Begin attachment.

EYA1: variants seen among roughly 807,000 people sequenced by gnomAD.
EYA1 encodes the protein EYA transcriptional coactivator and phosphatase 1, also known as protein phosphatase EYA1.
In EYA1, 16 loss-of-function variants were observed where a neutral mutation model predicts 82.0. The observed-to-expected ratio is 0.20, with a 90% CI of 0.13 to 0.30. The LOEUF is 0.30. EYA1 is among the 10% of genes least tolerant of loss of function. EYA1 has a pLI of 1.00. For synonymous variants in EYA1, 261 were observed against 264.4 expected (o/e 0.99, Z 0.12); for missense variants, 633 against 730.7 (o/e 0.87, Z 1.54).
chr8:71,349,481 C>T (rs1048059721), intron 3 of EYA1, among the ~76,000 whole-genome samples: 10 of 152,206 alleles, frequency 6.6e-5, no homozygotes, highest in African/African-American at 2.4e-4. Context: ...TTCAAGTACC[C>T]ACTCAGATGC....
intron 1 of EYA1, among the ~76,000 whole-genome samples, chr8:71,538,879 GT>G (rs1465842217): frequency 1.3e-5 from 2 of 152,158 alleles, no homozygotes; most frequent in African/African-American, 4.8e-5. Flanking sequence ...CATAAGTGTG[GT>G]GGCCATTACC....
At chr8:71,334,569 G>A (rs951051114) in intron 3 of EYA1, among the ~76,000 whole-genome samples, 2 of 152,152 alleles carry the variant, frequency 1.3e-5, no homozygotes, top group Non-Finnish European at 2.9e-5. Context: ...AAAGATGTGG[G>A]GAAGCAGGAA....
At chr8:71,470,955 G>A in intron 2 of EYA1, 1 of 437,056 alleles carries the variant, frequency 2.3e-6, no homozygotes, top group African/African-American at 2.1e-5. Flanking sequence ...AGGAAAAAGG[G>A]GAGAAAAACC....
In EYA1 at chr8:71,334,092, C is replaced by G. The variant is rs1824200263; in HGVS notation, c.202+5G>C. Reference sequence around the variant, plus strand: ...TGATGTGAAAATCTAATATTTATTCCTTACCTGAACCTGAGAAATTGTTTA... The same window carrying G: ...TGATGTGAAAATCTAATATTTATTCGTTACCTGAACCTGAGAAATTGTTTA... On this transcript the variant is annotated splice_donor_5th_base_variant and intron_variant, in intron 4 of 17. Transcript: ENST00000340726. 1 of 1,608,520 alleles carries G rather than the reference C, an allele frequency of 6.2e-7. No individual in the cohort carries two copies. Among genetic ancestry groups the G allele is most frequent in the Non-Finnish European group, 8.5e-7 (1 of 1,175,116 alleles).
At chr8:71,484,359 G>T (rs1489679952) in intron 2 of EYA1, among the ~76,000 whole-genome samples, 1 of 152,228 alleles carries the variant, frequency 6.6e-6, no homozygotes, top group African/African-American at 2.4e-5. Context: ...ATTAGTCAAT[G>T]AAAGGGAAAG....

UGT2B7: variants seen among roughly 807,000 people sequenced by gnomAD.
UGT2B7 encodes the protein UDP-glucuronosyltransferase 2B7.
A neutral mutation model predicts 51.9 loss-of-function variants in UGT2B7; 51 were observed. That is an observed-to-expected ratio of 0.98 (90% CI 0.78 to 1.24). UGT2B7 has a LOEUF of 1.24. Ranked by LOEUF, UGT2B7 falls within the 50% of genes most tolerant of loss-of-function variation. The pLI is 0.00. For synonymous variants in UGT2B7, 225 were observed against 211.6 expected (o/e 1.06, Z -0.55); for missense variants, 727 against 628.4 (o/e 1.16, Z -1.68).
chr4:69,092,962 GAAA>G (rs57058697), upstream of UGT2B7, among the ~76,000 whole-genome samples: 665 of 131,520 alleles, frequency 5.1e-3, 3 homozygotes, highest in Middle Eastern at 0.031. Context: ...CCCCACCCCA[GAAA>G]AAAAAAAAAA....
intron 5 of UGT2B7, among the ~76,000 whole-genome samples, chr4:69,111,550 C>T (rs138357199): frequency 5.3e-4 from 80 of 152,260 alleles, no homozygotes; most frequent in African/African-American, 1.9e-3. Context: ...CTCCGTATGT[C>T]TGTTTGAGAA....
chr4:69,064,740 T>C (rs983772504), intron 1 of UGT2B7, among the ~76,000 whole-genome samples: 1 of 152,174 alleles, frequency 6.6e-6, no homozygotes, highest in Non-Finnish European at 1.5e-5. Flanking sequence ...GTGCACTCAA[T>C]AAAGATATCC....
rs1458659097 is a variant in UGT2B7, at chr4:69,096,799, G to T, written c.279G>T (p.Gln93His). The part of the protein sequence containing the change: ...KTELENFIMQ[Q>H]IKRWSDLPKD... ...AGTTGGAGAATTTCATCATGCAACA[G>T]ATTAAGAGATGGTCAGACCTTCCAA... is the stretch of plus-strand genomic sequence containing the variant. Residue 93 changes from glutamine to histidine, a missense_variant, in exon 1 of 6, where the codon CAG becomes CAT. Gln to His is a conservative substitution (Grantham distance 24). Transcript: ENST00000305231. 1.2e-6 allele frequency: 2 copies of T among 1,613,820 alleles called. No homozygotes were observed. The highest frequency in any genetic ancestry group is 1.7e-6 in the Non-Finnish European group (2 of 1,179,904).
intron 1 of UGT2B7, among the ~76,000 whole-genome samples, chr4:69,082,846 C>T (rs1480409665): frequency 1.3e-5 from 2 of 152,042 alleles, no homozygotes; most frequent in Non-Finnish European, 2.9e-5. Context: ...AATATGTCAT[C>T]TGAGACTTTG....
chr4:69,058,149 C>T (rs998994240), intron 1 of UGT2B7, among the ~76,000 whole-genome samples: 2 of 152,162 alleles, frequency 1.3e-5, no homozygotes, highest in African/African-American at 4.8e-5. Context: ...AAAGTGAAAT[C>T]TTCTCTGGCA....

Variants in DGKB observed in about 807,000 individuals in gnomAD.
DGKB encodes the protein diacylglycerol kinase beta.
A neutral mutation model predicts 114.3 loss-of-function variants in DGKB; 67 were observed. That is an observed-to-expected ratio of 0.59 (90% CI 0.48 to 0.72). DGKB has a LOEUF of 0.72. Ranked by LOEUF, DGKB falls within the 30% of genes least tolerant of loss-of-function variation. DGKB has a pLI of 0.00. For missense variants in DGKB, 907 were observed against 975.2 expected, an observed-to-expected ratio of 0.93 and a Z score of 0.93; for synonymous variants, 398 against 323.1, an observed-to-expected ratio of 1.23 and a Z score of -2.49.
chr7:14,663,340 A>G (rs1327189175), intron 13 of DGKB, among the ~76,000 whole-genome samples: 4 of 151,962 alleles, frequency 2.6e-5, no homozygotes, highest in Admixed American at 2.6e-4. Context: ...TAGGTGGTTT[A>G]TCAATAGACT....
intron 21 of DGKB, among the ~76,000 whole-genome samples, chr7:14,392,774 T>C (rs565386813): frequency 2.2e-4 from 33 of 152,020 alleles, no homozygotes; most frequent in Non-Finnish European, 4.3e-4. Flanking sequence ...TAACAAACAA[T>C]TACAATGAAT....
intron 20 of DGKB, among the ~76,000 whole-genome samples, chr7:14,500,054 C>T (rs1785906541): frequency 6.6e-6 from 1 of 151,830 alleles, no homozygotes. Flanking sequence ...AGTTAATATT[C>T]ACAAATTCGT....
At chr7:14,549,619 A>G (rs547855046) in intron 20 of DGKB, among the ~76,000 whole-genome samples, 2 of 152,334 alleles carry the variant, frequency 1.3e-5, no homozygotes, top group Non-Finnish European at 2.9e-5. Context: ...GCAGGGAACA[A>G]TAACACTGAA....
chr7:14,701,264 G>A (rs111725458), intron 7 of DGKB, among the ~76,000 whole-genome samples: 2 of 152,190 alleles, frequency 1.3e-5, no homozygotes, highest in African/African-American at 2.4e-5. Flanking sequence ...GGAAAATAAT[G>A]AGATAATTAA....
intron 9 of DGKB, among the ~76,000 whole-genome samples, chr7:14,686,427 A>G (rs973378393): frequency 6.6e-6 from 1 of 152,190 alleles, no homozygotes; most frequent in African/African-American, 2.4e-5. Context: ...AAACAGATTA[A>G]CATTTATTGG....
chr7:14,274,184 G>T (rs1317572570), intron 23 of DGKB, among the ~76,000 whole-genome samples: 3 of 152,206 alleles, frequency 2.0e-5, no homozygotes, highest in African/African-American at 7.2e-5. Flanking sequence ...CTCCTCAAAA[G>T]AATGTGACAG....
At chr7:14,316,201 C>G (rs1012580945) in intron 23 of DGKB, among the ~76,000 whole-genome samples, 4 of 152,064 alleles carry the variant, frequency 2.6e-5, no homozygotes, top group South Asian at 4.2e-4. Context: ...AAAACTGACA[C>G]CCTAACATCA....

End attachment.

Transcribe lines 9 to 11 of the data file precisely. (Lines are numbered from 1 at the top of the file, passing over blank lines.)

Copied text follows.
At chr8:71,484,359 G>T (rs1489679952) in intron 2 of EYA1, among the ~76,000 whole-genome samples, 1 of 152,228 alleles carries the variant, frequency 6.6e-6, no homozygotes, top group African/African-American at 2.4e-5. Context: ...ATTAGTCAAT[G>T]AAAGGGAAAG....

UGT2B7: variants seen among roughly 807,000 people sequenced by gnomAD.
UGT2B7 encodes the protein UDP-glucuronosyltransferase 2B7.